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Why We Obsess About Shohei Ohtani, And What Last Night’s Trades Mean (Or Don’t)

Analysis and Commentary, Chicago Cubs Rumors

As I obsessed over the implications of last night’s twin-Twins trades for international free agent pool space, and then as I mulled why I was spending literal hours obsessing over the subject, a few thoughts occurred to me that I figured were worth sharing this morning, in case you were doing some of the same obsessing.


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The thing to remember on why we’re all so nutso about Ohtani: It’s not just that he projects to be very good and very unique, and it’s not just that signing him now allows you to have him under control for at least six prime years. It’s also that, for many of those years, his payroll number will be almost nothing.

Consider the implications for teams – like the Cubs – that figure to frequently be considering how they’ll deal with the luxury tax cap, and how they can stay under it while maximizing their roster. By signing Ohtani now, one team is going to receive what amounts to an unfair payroll advantage for several years. It’s not just that you’ll have Ohtani’s performance impacting your team. It’s also the *other* things you can do because you’ve got a rotation spot (and maybe part of your outfield or DH spot, too!) locked down for cheap.

That’s an enormous part of why teams, and by proxy their fans, are obsessing about Ohtani. Yes, he’s very good in isolation. Were he a true free agent, set to cost $150 to $200 million, teams would still very much want him, and you’d very much be hoping the Cubs would get him. But it’s all the more crazy-fying that he’s not going to cost that much. For a team with enough resources, adding Ohtani is like adding a “free” superstar to your roster.


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So it would be naive to think that the involved teams are not doing *EVERYTHING* they possibly can to get even the *TINIEST* edge in the process. Spending an enormous amount of time and money on your presentations? Yup. I bet they’re doing that. Digging as deeply into Ohtani’s background as possible to tailor your presentation as personally as possible? Yup, that too. Think about it this way: if you believed signing Ohtani to have a $200 million value, and you believed you had a, say, 20% chance to sign him, then it would be wholly rational to spend nearly $40 million just trying to land him.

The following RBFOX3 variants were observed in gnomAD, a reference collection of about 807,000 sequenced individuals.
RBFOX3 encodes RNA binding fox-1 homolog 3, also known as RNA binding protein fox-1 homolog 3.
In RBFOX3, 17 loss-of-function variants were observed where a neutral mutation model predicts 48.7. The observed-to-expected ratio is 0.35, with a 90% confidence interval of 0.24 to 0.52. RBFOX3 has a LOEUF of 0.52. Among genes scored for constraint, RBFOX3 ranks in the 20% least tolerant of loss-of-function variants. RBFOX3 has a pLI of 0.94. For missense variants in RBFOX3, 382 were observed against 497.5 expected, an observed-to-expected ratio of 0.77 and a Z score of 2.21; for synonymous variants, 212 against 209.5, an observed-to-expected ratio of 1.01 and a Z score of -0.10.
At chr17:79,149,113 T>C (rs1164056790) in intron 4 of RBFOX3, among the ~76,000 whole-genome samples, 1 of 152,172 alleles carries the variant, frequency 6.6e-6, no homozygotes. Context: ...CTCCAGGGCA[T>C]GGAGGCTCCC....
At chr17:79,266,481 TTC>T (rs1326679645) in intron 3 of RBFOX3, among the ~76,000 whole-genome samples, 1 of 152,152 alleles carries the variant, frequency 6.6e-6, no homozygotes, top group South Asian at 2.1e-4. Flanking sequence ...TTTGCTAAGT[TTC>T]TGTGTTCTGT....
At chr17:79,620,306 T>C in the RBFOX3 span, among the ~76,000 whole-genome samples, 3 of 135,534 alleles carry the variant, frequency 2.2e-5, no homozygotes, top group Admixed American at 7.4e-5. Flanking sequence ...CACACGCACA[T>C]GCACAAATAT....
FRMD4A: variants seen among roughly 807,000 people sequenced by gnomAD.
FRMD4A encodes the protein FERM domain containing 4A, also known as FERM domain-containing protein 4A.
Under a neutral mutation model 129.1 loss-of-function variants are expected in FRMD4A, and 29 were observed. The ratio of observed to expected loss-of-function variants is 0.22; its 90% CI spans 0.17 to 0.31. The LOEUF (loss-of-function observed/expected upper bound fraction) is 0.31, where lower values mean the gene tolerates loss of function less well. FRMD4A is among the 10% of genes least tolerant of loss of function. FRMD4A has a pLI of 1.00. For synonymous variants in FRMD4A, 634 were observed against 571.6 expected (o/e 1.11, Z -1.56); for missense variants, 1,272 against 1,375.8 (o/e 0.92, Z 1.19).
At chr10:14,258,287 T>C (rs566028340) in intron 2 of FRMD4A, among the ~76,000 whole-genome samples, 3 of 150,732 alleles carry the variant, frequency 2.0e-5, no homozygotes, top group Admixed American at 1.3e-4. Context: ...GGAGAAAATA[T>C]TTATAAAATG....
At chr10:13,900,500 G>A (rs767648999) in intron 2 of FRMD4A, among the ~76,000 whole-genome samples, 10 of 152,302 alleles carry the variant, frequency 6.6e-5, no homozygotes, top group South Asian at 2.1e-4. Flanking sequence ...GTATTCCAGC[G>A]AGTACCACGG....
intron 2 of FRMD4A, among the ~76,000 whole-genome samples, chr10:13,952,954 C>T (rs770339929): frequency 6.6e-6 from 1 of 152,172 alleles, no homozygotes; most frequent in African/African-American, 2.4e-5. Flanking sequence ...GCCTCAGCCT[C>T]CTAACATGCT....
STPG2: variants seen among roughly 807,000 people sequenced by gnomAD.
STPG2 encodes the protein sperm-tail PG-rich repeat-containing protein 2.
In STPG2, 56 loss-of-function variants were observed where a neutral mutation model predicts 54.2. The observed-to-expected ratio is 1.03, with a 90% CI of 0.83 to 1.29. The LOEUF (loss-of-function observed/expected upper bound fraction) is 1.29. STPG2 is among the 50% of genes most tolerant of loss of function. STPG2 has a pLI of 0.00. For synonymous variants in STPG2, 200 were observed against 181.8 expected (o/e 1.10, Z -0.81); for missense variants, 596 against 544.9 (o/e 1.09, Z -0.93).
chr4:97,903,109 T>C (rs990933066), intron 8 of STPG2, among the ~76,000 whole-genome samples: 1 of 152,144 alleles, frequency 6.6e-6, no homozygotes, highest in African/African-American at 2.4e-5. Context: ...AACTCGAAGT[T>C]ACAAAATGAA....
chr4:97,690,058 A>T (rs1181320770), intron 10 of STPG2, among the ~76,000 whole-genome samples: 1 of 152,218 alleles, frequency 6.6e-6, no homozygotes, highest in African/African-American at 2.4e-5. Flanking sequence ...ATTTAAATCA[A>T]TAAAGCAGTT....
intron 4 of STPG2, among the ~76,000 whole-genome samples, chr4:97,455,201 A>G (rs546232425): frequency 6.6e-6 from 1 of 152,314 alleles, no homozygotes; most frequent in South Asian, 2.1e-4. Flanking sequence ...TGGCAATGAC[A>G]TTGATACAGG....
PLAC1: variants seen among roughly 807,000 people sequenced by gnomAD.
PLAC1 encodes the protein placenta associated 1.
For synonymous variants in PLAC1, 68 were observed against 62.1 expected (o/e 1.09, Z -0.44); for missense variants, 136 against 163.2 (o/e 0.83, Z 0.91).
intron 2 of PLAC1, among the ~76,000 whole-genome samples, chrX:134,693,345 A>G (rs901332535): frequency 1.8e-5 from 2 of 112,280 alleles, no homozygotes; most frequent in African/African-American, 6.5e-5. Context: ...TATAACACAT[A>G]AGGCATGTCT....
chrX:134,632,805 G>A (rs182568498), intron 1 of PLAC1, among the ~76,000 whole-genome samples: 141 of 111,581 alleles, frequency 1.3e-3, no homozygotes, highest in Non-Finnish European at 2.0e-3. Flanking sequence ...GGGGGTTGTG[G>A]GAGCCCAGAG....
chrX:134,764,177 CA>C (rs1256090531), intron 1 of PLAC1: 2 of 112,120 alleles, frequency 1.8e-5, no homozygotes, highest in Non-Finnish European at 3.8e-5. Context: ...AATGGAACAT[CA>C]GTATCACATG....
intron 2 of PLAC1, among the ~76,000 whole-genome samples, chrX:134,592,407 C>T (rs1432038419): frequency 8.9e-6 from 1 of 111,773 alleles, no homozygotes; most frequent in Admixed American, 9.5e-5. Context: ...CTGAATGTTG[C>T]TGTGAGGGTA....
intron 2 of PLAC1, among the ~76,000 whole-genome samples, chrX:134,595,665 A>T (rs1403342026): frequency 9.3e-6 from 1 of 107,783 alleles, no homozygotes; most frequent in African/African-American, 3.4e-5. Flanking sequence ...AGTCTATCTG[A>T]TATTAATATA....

These teams are doing everything in their power to make it happen. Probably many, many things things we don’t know about and haven’t even considered. Some aboveboard, some less so.

But it would also include things like trading for extra IFA pool space, just so that your final offer can be the best it possibly can.


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In other words, things like what happened last night (the Angels and Mariners trading for extra pool space, something the Cubs are not permitted to do) probably don’t tell us as much as we thought as the trades were going down. Not only because we are in the dark as outsiders, but also because the teams themselves are probably operating somewhat blind, too.

They know the absurd value that comes with Ohtani, and they wouldn’t be able to face losing out on this opportunity not knowing that they did every single thing they possibly could to land him.


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Brett Taylor

Brett Taylor is the Editor and Lead Writer at Bleacher Nation, and you can find him on Twitter at @BleacherNation.